In the often serendipitous manner through which articles suggest themselves, earlier this week I was volunteering as 'Quiz Master' at a local English style pub's weekly quiz night.  As part of the questions I prepared, I put together a list of company/product slogans and a jumbled list of the companies and products who originated the slogans, requiring contestants to match the two together.

Although I ended up not featuring any airlines, I realized there was an interesting story lurking beneath the surface - airline slogans, and what they reveal of airline thinking and their change over time.

So I've haunted the internet's back-roads for a very long time, seeking out and collecting as many airline slogans and catch-phrases as I could, and have collated them into what I proudly believe to be the largest collection of such things online anywhere.  In total, there are currently 190+ airlines featured, and something over 500 slogans; a number that continues to slowly creep up as I occasionally stumble across another reference source.

There are five parts to this new article series.  The first two parts offer some introductory commentary on the slogans, and then there are three pages of slogans, sorted by airline.

If you want to know how often 'safety' has been promised as part of an airline slogan, look no further.  If you'd like to wonder at the similarities in slogans from seemingly unrelated airlines, this is the place to go.  And if you'd like to laugh long and loud at the oft repeated sin of hubris - at airlines boasting of their solidity mere months before closing down for good, or an airline that proudly promoted itself as being 'big enough' for 747s then having to reverse itself when it replaced the 747s with smaller L1011s as also being 'small enough', you'll enjoy these lists greatly.

Then there is the airline with the slogan 'Trust us to fly' - the only problem being, the EU doesn't trust them to fly - they are banned from flying to/from the EU.  Or the airline that switched from boasting it was the fastest airline to saying meekly 'we're not faster, it just seems that way'.

There's lots to enjoy - you might even need to make this week's read a two cup of coffee session.  And, best of all, with your ongoing support, the article series will be archived online, together with the other two million plus words of helpful information, for as long as your support continues, for you to refer back to any time you choose.

This Week's Feature Article :  All the Airline Slogans fit to Print (and a few that aren't) :  Is it any surprise that airline slogans are sometimes as banal or obtuse as the airlines creating them?  But what about airline slogans that contradict earlier slogans from the same airline?  Or slogans that are clearly copies from other carriers?  And the slogans that poke fun at competitor airlines? Here is a huge compendium of airline slogans for your amusement and enjoyment.

One last comment about these slogans.  If you know of any more airline slogans, please let me know so I can add them to the list.  It helps to know the airline, the slogan, and, if possible, when the slogan was in use and if you have any visual confirmation of the exactness of the slogan, that is better still.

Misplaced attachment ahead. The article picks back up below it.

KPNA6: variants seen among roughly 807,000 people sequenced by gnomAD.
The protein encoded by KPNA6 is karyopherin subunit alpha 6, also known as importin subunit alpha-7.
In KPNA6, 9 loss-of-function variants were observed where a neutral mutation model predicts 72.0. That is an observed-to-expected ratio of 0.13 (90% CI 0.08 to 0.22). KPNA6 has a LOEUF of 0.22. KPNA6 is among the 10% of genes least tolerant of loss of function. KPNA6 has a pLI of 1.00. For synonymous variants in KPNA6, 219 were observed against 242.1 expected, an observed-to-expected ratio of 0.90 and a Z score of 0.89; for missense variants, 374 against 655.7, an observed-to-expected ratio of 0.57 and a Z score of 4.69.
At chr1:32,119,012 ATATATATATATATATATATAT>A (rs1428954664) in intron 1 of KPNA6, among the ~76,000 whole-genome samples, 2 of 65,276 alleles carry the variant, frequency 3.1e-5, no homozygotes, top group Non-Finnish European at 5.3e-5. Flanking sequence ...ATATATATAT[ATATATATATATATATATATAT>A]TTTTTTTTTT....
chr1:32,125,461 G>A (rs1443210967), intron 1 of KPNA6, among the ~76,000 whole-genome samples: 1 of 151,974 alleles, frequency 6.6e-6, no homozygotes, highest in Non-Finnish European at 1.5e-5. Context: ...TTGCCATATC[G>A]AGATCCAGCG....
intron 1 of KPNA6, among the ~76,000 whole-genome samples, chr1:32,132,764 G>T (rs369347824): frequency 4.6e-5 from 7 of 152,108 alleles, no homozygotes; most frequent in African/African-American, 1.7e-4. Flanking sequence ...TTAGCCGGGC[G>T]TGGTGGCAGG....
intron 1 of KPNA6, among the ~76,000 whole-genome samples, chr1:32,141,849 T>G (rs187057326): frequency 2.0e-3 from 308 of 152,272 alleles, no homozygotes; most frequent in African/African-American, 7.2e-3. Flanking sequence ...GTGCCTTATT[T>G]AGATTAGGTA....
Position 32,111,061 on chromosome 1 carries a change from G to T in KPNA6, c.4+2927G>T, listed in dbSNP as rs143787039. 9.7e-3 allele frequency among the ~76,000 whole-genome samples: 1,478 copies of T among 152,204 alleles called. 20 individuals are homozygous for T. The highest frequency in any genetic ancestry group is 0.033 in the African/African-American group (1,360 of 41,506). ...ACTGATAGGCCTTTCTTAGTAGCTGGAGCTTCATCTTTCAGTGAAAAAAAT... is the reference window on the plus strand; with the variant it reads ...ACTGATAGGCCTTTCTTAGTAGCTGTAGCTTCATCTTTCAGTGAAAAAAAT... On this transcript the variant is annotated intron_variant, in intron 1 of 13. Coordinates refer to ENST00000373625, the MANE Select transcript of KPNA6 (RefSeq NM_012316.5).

Dinosaur watching :  If at first you don't succeed, try again?  Southwest Airlines CEO Gary Kelly said they may look to buy another airline, observing  'Even Tiger Woods doesn't win every tournament'.  He added the airline would concentrate on other airlines in bankruptcy, and that it wants to keep an all-737 fleet (which, curiously, was notably not the case with its failed bid for Frontier last week).

I continue to be puzzled why Southwest would rather buy a bankrupt airline than simply grow its own operation.  While it may be possible to get a bankrupt airline for less than full value, there will be inefficiencies and costly adjustments to be made when trying to integrate another airline and its route system into Southwest's existing operations that likely more than compensate for a possible up-front saving.

Successful airline buyouts/mergers are more the exception than the rule - aviation history is littered with high-profile examples of buyouts/mergers that were failures, with very few obvious successes to counterbalance the failures.

Their wish to buy up other airlines is all the more puzzling when you consider that Southwest has trimmed its growth plans for this year, and could presumably simply switch its shelved growth plans back on again if it wished to return to growth mode.  Why not spend the $170 million that it did not use to buy Frontier and buy/lease some more planes and set up some more cities in a controlled manner, just the same as Southwest has consistently done in the past?

Maybe Southwest should consider some 'can't lose' opportunities for expansion - situations where airports and the cities they serve are paying airlines to fly there; guaranteeing the airline that it won't lose money, and potentially sharing in any profit from the route if it does well.  This interesting article explains more about how this is being done by a number of cities and airports currently.

In addition to paying airlines to fly places, some destinations are considering offering free benefits to tourists who visit.  One example is Mexico City, which is currently offering free medical insurance and assistance to visitors.

In addition to medical assistance, they will also provide emergency dental care, hotel accommodation during a recovery period, transportation, and even legal assistance in the case of robbery or document loss.